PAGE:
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CASE STUDY:
GlaxoSmithKline, Global Clinical Development & Product Strategy
Evaluating a 10-year Horizon to Stay/Retreat from a Franchise

50 years of GlaxoSmithKline effort had produced one of the world’s largest selling franchises in antibiotics. In recent years, however, GSK’s heavy investments into R&D and licensing for antibiotics had resulted in some lead candidates, but no clear winners had emerged and currently marketed compounds were nearing the end of their life cycles.

Ultimately, a painful "do I stay or do I go?" decision for the therapy area was needed. Projections showed that no new products would emerge from research or licensing in the near future. The repercussions? "Gap years" where operating companies would have no branded products to sell. A loss of market presence would make it very difficult to re-energize marketing efforts at a future date.

Objectivity: A Difficult but Necessary Goal When Stakes Are High
Emotion coursed through every aspect of the analysis. Personal loyalty by old-timers in this therapy area ran deep. At the same time, corporate executives questioned the franchise’s financial viability and wondered whether the market needed a "better mouse trap." Skepticism was fueled after GSK unsuccessfully launched a new antibiotic product that had to be pulled from the market due to unanticipated safety concerns. As well, market competition and cost of marketing was one of the highest in the industry, so decisions to go forward were high risk. The bottom line? Recommendations would have wide ranging impacts on future operations, especially R&D staffing and manufacturing utilization of existing antibiotic-dedicated facilities.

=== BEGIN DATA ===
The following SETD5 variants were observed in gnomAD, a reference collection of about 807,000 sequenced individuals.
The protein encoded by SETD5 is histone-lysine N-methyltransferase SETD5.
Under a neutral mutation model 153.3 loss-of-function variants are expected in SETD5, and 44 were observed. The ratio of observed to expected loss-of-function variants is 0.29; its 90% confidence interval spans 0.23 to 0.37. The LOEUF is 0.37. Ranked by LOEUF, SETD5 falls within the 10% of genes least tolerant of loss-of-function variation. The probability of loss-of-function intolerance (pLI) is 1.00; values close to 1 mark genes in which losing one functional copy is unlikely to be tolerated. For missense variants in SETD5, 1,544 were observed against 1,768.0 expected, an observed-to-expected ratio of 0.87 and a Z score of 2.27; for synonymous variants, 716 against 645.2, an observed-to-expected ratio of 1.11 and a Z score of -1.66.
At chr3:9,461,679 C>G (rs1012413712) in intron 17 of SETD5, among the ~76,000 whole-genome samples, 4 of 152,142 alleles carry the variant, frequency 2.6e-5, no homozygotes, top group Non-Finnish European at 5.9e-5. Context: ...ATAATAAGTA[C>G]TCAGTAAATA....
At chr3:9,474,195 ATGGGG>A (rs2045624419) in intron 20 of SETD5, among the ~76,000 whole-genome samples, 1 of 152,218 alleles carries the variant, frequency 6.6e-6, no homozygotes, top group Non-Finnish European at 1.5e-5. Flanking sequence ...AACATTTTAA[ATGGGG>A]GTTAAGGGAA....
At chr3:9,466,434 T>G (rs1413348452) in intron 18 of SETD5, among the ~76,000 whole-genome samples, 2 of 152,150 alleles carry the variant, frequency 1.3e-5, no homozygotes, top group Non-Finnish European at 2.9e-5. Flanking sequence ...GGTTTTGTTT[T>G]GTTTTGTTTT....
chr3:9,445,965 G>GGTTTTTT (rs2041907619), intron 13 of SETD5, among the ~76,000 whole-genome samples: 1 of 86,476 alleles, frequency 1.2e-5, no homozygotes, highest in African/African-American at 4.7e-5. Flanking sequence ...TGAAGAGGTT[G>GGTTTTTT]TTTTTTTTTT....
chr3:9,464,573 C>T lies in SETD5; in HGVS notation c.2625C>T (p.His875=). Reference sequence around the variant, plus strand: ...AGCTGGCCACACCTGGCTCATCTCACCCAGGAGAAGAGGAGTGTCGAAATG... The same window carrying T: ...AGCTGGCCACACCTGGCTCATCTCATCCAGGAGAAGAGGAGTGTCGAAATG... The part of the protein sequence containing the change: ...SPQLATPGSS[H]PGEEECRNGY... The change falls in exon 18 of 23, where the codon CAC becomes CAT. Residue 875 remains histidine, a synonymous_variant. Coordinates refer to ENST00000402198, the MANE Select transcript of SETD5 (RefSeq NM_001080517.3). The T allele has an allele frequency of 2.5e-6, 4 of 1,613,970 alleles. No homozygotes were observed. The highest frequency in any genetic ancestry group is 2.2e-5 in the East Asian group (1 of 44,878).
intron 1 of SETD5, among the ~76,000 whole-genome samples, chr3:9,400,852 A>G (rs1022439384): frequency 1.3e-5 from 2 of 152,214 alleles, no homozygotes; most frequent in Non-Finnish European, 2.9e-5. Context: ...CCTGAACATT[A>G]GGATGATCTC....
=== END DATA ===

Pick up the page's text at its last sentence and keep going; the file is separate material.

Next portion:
Have the Nay-Sayers Agree on How to Make the Decision
A decision was needed, and Leisa Dennehy, director of international commercial strategy, (currently a principal of BioPharma Consultants, Ltd.) was tasked with driving a consensus. The effort required buy-in from clinical and marketing stakeholders in major operating companies. Leisa worked with the current head of International Strategy to develop the decision making approach. She leveraged a multi-national team consisting of the marketing heads and R&D personnel from the top eight markets. Decision science experts were brought in to develop a global decision model in this multinational and multifunctional environment. Team members then provided input into a global model that everyone helped to create and endorse. Thus, the team agreed in advance to the results by agreeing to the decision process.

Beware of the Corporate Re-Organization in Pushing Through Decisions!
Analysis of the global output suggested there was a profitable commercial opportunity, but that the current R&D initiative was too broad and ill focused. The result was a jointly written strategic decisions document that proposed re-focusing the R&D initiative. GSK was in the process of taking these analyses and recommendations to executive management for go/no-go decisions on drug candidates and R&D allocation. Sadly, the project was put on hold at height of the GW/SK merger. Recently, the discussion has been re-engaged, only now, of course, with a change of personnel as a result of the merger. As a result, the buy-in process and management briefing is starting again.